2nd cop resigns in pepper spray probe
A Grand Junction police officer who was among a group of officers under an internal investigation focusing on misuse of pepper spray resigned Friday, ending a probe into how police use the weapon in connection with transients.
In an e-mail to The Daily Sentinel, Police Chief John Camper said the officer resigned for personal reasons before Camper reached a disposition on the officer’s role in a “minor” pepper spray incident.
Camper said although the officer was among a group of officers who had been interviewed regarding his knowledge or role in the incident, the officer had been on paid administrative leave for unrelated reasons.
A total of four officers were questioned in connection with the investigation. A second officer resigned in early July, while two others received reprimands. Police declined to identify the officers.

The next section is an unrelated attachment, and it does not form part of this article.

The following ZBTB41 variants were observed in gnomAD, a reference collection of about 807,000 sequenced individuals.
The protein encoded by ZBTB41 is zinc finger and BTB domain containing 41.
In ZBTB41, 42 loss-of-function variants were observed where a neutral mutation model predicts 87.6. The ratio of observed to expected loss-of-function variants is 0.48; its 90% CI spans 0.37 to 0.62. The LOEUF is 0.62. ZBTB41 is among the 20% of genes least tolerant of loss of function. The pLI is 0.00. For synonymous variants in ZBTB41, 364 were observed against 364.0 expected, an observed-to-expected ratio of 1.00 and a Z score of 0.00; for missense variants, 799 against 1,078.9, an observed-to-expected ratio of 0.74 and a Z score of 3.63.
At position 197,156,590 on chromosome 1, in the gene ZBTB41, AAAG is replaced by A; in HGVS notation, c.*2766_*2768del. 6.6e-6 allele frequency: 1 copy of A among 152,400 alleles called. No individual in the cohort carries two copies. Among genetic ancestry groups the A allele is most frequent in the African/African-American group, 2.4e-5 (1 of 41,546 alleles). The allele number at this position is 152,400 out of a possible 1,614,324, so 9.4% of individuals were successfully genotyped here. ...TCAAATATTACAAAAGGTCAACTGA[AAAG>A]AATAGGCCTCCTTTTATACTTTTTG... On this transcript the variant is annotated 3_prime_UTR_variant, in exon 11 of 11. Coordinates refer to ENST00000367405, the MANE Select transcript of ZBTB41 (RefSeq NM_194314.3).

Earlier this week, Camper said the investigation showed the Police Department didn’t sanction pepper-spray use on transient locations. The investigation did, however, confirm at least one incident in which a patrol officer emptied his pepper-spray canister on the interior of an abandoned Grand Junction building used by transients.
According to Camper, the officer told the internal investigation he used the defensive weapon to try to convince transients not to return to the building.
The investigation started after former officers Joseph Mulcahy, Justin Roberts and Phillip Van Why implicated specific colleagues as using pepper spray on a variety of property belonging to transients.
Camper fired the three officers after a separate internal investigation confirmed they cut tents and caused other damage at a transient camp May 3 while searching for a suspect in a theft investigation.
The trio’s claims prompted Camper and police administration to issue a department-wide order in June instructing officers to use pepper spray for no purpose other than as a defensive weapon.